Publications Spotlighting Our Reasons for Being

Greenhouse Scholars is vital to spreading the power of opportunity, choice, and belief to affect low-income families and communities.  These resources demonstrate the critical importance and unmet needs that our program is working to solve in the communities we all share.

  • “Friending Bias” highlights recent studies that link cross-class social interactions with upward social mobility. According to Raj Chetty, an economist at Harvard, “Growing up in a community connected across class lines improves kids’ outcome and gives them a better shot at rising out of poverty.” By building a community of people from different geographic, socioeconomic, racial, and cultural backgrounds, Greenhouse Scholars is facilitating connections that help people transform their own lives and the world.
  • For young people from under-privileged backgrounds, admission is not the only hurdle to the success at elite colleges and universities. In this piece from The New York Times Magazine’s Education Issue, Anthony Abraham Jack, a professor at the Harvard Graduate School of Education, details his experience as a low-income, first-generation, student of color at Amherst College. His powerful story highlights that while financial aid is critical, it falls short of meeting many disadvantaged students’ needs.
  • At Greenhouse Scholars, we see our community open doors and minds, unlock potential, and drive positive change. Your Life is Driven by Networks, an article from venture firm NFX, presents a detailed model that explains this effect and how significantly your networks can influence your outcomes. It also highlights college and your first job as a couple of the key crossroads that have the most influence on your long-term network.
  • Episodes 4, 5, and 6 of Season 1 of Revisionist History, a podcast by Malcolm Gladwell, focus on low-income students’ road to higher education, how universities provide (or fail to provide) opportunities to those students, and inequitable collegiate philanthropy.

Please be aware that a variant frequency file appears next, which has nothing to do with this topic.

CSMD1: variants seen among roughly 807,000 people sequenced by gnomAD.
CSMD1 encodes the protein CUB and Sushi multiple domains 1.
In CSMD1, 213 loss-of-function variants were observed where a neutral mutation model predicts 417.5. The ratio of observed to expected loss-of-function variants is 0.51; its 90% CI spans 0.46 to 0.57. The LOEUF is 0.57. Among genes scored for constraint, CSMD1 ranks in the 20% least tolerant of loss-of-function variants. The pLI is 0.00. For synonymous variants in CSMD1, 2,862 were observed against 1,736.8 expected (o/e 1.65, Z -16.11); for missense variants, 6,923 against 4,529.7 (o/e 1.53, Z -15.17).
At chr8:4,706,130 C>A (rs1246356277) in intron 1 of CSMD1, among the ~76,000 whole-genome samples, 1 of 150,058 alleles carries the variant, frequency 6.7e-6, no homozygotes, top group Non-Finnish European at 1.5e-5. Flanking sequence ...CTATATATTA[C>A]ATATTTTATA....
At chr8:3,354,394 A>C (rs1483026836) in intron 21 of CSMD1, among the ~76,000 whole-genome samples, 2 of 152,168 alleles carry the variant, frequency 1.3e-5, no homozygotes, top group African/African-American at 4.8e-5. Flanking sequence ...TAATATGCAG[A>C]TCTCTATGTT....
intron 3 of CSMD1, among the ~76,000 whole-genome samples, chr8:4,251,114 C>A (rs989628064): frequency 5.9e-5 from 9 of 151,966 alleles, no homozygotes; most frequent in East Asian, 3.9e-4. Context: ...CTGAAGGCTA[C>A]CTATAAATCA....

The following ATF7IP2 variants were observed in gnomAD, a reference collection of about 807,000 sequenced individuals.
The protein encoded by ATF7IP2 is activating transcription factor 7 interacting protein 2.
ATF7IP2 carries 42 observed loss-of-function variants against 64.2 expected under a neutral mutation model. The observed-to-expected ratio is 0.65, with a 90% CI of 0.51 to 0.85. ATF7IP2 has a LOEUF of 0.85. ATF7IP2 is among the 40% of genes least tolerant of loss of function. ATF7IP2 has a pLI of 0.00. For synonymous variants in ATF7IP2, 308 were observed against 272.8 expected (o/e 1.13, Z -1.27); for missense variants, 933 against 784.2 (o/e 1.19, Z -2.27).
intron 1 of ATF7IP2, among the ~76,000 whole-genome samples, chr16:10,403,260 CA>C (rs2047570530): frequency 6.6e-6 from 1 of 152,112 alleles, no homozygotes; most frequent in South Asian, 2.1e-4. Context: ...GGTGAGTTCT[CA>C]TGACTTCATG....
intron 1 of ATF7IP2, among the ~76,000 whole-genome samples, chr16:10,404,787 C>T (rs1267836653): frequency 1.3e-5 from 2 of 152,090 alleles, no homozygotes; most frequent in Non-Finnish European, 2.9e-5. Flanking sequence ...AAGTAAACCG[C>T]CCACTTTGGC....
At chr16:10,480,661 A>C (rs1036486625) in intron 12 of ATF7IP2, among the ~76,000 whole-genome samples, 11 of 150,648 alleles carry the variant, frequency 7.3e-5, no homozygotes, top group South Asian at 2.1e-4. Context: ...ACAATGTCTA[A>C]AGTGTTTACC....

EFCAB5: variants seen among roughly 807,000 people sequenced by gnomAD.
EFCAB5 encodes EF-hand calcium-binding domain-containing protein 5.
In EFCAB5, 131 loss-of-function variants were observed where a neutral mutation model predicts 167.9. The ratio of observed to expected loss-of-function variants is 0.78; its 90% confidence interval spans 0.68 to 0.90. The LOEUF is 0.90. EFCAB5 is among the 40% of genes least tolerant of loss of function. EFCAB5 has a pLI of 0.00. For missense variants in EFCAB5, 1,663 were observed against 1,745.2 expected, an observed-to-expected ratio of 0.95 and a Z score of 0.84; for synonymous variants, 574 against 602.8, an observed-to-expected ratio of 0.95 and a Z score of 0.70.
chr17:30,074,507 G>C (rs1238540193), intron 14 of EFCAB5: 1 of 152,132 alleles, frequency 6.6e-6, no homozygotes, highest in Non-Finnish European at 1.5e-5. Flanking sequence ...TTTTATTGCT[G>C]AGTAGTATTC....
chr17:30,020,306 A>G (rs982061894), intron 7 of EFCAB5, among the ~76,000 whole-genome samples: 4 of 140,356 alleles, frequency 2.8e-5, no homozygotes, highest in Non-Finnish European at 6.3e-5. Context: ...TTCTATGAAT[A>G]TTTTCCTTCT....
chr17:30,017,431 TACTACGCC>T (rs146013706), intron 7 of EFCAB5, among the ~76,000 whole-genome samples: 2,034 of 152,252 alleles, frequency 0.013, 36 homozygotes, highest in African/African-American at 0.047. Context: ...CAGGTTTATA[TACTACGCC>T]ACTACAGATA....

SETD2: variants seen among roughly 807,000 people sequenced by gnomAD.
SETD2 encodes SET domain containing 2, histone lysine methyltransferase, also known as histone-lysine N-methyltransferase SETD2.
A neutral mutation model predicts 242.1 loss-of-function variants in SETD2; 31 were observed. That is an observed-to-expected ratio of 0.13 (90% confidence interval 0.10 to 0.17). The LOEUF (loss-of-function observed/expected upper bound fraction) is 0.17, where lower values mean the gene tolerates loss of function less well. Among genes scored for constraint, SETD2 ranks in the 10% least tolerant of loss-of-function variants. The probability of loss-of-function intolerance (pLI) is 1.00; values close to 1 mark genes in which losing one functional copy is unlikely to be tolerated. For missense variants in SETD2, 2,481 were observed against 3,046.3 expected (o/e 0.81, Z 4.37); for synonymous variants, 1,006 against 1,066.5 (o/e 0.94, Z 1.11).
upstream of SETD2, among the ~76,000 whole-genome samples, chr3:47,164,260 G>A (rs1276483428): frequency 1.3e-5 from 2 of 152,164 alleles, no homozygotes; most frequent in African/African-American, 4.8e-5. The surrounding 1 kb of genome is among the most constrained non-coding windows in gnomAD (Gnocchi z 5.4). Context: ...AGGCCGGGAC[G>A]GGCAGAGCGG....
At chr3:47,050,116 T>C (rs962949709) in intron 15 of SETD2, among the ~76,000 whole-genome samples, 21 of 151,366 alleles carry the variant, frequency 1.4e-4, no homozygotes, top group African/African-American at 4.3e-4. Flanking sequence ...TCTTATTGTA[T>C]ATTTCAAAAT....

• This interactive New York Times article presents results of a study that suggests low-income students are still significantly underrepresented at U.S. universities, particularly schools qualified as elite. An accompanying article points out the same underrepresentation of minorities.
  • As Elite Campuses Diversify, a ‘Bias Towards Privilege’ Persists. In this NPR article, Anthony Abraham Jack, author of The Privileged Poor: How Elite Colleges Are Failing Disadvantaged Students, is interviewed about his research that shines a light on the hidden curriculum and other barriers to success that students from “doubly disadvantaged” backgrounds must overcome to succeed in higher education.
  • Three Miles, episode 550 of WBEZ’s This American Life podcast, follows the story of two groups of students from opposite ends of the socioeconomic spectrum and highlights their differences in educational opportunities and experiences in college.
  • On Greenhouse Scholars’ Youtube Channel, our Scholars share their inspirational stories and how the Whole Person Program has helped them to overcome adversity and give back to others.
  • This factsheet from the Postsecondary National Policy Institute highlights statistics about first-generation college students, their degree attainment, and the challenges they face. This is a valuable resource for anyone trying to better understand the need behind Greenhouse Scholars’ mission. The article sites many reputable sources for its statistics.